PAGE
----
This year did you include in your New Year’s resolutions looking into how to protect your digital assets?   With protecting digital assets a hot topic and data security in the headlines, digital privacy is on the mind of many Floridians this month.  This year is a perfect time to consider working to ensure that our digital assets are secure now and in the future, including after we pass on. 

As you work with your estate planning attorney to create or update your Florida estate plan did you know that your digital assets may be included?  They can be and by including your digital assets into your estate plan you can actually secure them for the future. We want to share with you the following guidelines to help you understand how to include your digital assets in your estate plan and keep them secure. 

1.  Most of our digital assets are password protected therefore a critical first step in addressing the security of your  assets is protecting and preserving your passwords. 

2.  It is tough to keep track of all of the different passwords you use to access different accounts on a frequent basis.  You may be using a place on your computer or cell phone  to remember and maintain your passwords. However, this is not the most secure practice.  

3. When choosing passwords it is important to choose strong passwords not easily guessed, and to change them frequently, even if only once a year. It is also important to frequently check in to ensure your passwords have not been compromised. If they have, update them immediately!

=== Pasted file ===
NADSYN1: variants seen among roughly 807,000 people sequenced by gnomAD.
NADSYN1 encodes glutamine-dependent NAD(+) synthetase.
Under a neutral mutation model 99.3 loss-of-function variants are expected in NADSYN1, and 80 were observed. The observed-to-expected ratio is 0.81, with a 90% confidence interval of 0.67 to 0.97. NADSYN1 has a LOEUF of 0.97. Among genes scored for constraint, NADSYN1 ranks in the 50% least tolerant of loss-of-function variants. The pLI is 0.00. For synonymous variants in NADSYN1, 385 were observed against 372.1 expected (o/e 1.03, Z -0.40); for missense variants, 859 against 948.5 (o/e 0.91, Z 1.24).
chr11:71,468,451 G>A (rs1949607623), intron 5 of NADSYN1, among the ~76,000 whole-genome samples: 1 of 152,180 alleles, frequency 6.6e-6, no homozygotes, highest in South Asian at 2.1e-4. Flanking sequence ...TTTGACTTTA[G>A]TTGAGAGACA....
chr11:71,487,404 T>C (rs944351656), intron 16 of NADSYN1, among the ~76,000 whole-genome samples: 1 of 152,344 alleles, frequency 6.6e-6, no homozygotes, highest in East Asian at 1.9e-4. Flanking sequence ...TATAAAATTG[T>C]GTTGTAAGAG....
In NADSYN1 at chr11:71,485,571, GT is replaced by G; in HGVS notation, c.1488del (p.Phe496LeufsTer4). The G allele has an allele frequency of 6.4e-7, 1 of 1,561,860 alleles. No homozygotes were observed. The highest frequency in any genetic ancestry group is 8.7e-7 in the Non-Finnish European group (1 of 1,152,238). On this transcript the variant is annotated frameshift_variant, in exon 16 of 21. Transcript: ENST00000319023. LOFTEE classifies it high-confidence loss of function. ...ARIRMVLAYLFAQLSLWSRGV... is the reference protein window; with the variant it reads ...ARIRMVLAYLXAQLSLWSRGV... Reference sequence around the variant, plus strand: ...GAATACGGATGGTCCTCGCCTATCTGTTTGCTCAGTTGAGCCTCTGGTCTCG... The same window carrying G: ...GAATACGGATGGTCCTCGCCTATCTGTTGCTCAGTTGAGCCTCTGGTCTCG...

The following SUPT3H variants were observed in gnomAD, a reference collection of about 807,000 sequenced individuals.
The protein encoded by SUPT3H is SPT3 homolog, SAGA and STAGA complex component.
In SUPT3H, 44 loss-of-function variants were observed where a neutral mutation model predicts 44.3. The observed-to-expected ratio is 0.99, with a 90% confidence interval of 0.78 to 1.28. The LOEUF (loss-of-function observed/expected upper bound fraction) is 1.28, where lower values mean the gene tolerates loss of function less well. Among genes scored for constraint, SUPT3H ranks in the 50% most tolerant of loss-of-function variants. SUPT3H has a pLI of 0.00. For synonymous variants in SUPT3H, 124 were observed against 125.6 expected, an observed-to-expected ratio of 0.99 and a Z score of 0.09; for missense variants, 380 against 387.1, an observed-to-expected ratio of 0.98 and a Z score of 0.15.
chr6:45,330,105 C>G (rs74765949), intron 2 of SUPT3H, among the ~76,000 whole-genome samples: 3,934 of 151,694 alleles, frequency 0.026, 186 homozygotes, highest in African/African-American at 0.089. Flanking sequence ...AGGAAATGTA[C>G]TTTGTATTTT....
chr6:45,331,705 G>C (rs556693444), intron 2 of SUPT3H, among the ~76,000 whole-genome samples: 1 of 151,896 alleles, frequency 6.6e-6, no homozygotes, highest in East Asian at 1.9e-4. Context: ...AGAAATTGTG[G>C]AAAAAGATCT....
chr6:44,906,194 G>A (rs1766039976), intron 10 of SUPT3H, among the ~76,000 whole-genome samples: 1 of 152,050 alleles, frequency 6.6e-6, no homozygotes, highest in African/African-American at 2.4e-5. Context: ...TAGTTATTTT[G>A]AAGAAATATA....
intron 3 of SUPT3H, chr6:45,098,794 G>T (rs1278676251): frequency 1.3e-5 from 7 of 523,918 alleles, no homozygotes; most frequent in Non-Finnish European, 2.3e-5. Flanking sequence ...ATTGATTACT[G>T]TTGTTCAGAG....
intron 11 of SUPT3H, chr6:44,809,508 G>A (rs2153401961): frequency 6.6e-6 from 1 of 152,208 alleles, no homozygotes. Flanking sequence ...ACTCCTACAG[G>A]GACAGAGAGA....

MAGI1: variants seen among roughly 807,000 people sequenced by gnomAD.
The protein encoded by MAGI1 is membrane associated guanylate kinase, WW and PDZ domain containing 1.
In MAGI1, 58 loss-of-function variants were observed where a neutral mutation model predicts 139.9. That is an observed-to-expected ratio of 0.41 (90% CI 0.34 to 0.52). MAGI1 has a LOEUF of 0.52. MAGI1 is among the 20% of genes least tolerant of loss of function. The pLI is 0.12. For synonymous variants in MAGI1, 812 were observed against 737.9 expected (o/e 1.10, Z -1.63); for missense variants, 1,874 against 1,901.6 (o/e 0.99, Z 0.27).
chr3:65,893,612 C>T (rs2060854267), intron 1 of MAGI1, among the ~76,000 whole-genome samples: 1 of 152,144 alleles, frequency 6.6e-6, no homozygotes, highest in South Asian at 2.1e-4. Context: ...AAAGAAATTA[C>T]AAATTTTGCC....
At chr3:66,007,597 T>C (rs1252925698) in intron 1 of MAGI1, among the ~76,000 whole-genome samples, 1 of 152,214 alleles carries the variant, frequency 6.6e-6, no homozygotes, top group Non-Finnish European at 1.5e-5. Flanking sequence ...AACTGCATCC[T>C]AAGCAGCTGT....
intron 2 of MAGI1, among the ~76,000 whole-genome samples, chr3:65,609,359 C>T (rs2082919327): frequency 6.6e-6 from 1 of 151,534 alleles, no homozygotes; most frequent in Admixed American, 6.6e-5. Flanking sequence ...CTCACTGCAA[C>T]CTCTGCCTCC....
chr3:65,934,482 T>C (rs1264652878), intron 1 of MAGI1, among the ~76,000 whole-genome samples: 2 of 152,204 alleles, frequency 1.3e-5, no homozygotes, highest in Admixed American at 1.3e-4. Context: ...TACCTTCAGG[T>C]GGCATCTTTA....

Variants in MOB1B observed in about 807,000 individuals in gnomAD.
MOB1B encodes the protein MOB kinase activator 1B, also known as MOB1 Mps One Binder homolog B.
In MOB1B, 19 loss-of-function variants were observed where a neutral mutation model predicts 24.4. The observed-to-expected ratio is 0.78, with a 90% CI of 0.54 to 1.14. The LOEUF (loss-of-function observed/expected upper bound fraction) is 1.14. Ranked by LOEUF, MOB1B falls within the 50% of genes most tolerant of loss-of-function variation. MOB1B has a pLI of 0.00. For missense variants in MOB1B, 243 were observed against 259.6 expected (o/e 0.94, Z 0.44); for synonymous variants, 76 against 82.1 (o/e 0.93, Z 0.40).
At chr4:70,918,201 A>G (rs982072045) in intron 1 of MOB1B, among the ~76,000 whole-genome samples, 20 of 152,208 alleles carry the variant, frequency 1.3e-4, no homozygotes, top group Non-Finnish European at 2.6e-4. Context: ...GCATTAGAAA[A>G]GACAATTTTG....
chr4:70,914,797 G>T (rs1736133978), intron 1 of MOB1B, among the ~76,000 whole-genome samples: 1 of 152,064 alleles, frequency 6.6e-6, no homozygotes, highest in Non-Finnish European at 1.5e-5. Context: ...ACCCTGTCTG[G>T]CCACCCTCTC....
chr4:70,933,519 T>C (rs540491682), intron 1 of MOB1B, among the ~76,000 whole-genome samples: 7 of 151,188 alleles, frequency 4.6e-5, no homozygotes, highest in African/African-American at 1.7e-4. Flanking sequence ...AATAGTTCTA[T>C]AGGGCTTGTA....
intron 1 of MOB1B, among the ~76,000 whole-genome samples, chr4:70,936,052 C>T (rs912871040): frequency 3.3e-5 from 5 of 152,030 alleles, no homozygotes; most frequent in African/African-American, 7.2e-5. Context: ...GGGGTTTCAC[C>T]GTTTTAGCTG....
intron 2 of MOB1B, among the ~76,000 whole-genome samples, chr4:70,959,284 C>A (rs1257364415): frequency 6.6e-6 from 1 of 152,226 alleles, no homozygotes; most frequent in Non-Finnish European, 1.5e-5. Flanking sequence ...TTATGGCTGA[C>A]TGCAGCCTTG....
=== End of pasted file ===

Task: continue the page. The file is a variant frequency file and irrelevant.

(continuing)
4.  You could keep track of your passwords by making a written list and keeping it in a locked desk drawer or safe deposit box. However, it should be somewhere you can access frequently, so that you may make updates to the list if you need to.

5. When creating or updating your estate plan your digital assets can be included. Your assets may be financial or sentimental.  Examples of financial digital assets are PayPal, Venmo, or bitcoin accounts. A collection of photographs or videos of your children and grandchildren are examples of sentimental assets.  

6.  Your digital assets need someone to be able to access them after you pass away. Perhaps you could consider choosing a “password person” who you trust with your password information. You could also keep them informed of where you keep your password list so they can access it when needed.  As a part of the estate plan you create or update you may also detail who should have access to your digital assets or leave your personal representative instructions about your passwords. 

We know this article may raise more questions than it answers. At the Perlin Estate Planning & Probate our credentials enable us to provide a multi-disciplinary approach to our legal services.  By building relationships with our clients, we are also able to understand each client’s needs and desires, and we support such goals through thoughtful, comprehensive planning techniques. We encourage you to contact us and schedule a meeting.